It is possible that the cultural language shared by Prime Minister Benjamin Netanyahu and Yesh Atid leader Yair Lapid allows the two to speak relatively freely about issues that will be on the next government's agenda. More than anything, though, the arithmetic (31 seats for Likud-Beytenu and 19 seats for Yesh Atid) holds the key. If Netanyahu and Lapid can reach an understanding, then the coalition-building process will be on its way to completion even before President Shimon Peres grants Netanyahu the authority to form the next government.
Netanyahu and Lapid are presumably giving attention to the peace process with the Palestinians, on which Lapid is closer to Netanyahu than are the leaders of Labor and Hatnuah. Netanyahu has political space on this matter in Israel (but not in the international community), as long as he does not step back from the two-state vision he presented in his Bar-Ilan speech in 2009.
Surprising as this may sound, an understanding on budget issues will find Netanyahu and Lapid leaping together from promise to promise. Lapid may represent the social protesters of the summer of 2011, but he also represents those who would bear the burden of a 40-billion-shekel budget deficit in the near future.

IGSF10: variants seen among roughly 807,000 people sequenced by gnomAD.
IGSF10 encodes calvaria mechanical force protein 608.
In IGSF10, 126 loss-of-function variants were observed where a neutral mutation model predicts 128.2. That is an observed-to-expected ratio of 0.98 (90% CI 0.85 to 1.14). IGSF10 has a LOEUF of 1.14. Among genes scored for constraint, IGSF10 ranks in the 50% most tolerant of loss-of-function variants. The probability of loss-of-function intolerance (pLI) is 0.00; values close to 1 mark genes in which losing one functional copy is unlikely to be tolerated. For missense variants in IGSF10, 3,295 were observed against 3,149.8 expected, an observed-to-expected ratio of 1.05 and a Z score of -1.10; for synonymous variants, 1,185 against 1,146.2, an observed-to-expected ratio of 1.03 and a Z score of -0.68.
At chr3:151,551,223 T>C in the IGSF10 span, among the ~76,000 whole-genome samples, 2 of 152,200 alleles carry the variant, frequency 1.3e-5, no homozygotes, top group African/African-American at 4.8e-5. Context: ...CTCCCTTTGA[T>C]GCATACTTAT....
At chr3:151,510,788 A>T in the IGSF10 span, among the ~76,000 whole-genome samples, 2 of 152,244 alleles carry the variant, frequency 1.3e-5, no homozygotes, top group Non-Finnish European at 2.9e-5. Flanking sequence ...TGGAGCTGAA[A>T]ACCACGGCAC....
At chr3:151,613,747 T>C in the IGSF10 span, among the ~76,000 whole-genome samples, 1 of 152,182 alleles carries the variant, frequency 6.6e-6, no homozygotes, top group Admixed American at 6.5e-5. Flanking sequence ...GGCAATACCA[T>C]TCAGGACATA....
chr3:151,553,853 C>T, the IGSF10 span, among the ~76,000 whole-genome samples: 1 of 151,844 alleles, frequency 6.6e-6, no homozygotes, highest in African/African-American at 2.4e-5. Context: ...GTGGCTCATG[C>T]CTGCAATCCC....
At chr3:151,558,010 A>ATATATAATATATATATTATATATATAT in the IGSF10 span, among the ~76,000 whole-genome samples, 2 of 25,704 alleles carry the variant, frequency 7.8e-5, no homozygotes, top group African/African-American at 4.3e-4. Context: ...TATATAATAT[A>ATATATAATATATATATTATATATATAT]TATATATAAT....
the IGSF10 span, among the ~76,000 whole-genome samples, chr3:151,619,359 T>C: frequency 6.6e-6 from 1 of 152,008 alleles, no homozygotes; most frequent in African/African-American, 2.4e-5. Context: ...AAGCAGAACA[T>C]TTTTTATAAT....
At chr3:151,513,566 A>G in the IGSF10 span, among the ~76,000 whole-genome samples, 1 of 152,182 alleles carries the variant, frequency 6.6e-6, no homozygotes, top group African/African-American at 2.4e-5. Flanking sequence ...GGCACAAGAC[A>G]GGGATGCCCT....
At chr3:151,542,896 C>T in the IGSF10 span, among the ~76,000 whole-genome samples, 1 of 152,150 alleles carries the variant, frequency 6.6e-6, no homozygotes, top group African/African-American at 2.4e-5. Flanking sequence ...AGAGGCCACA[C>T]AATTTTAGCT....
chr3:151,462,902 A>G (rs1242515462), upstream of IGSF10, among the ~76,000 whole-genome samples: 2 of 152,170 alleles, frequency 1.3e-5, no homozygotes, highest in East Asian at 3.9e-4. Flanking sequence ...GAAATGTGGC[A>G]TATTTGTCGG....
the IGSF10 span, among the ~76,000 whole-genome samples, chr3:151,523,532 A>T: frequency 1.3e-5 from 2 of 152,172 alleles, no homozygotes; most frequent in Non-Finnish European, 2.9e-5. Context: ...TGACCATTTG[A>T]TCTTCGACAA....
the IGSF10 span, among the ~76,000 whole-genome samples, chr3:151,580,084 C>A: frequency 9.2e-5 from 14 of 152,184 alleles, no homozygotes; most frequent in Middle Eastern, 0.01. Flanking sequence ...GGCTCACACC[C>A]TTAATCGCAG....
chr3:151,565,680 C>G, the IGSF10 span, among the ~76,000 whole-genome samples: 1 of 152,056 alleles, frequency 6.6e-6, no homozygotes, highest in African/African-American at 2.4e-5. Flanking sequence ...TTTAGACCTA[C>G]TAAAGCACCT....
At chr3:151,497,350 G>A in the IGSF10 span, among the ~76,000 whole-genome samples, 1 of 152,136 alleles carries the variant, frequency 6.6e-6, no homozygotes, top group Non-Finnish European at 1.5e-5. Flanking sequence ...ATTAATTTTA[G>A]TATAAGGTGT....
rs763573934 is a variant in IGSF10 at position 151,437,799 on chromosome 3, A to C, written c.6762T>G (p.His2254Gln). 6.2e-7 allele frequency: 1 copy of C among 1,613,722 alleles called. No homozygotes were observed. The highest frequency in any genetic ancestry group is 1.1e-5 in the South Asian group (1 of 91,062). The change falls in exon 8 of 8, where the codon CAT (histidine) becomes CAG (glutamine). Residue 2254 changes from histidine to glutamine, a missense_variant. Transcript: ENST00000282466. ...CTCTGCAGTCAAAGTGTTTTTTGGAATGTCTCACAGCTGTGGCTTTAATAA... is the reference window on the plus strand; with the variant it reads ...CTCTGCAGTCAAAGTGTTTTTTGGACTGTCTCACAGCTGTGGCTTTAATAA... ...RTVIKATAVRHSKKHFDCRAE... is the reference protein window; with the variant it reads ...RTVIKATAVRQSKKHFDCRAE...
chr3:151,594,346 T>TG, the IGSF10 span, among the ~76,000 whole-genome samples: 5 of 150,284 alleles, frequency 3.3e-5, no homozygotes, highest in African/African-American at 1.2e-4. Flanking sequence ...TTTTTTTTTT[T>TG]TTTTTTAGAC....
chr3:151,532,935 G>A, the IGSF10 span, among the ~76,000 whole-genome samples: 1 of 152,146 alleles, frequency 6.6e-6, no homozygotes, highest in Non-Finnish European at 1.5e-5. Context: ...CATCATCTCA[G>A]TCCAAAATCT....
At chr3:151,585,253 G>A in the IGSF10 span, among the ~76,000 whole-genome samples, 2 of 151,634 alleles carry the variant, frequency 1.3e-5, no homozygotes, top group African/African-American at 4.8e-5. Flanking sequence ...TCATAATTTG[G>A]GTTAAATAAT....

During the election campaign, Habayit Hayehudi's Naftali Bennett spoke about the possibility of raising taxes if worrisome economic trends continued, a position that facilitates his joining an austerity government. Bennett also holds the view, shared by Likud's Right flank, that there would be no reason to destabilize the government if negotiations are held with the Palestinians, as long as Netanyahu doesn't sign an agreement to establish a Palestinian state. Given Habayit Hayehudi's moderate position on enlisting yeshiva students into the military, it seems that it would be easiest for Netanyahu to get Lapid and Bennett to join his coalition as quickly as possible, which would allow the Knesset to pass an equitable enlistment law. Only afterward, Shas could join the government with its 11 MKs. This coalition would include 64 MKs (including Kadima) at first and later grow to 75 MKs.
The main obstacle to forming a coalition won't be achieving a majority in the Knesset. Rather, distributing the ministerial posts will raise the highest hurdle. At a ratio of one minister for every three coalition MKs, Likud would get only seven portfolios. This could lead to an unprecedented internal struggle within Likud. To prevent this, and to promote new faces in government, Netanyahu must quickly open the Foreign Ministry's appointments committee, so that embassies and consulates can absorb the coalition ministers and MKs who were turned into political refugees following the election results.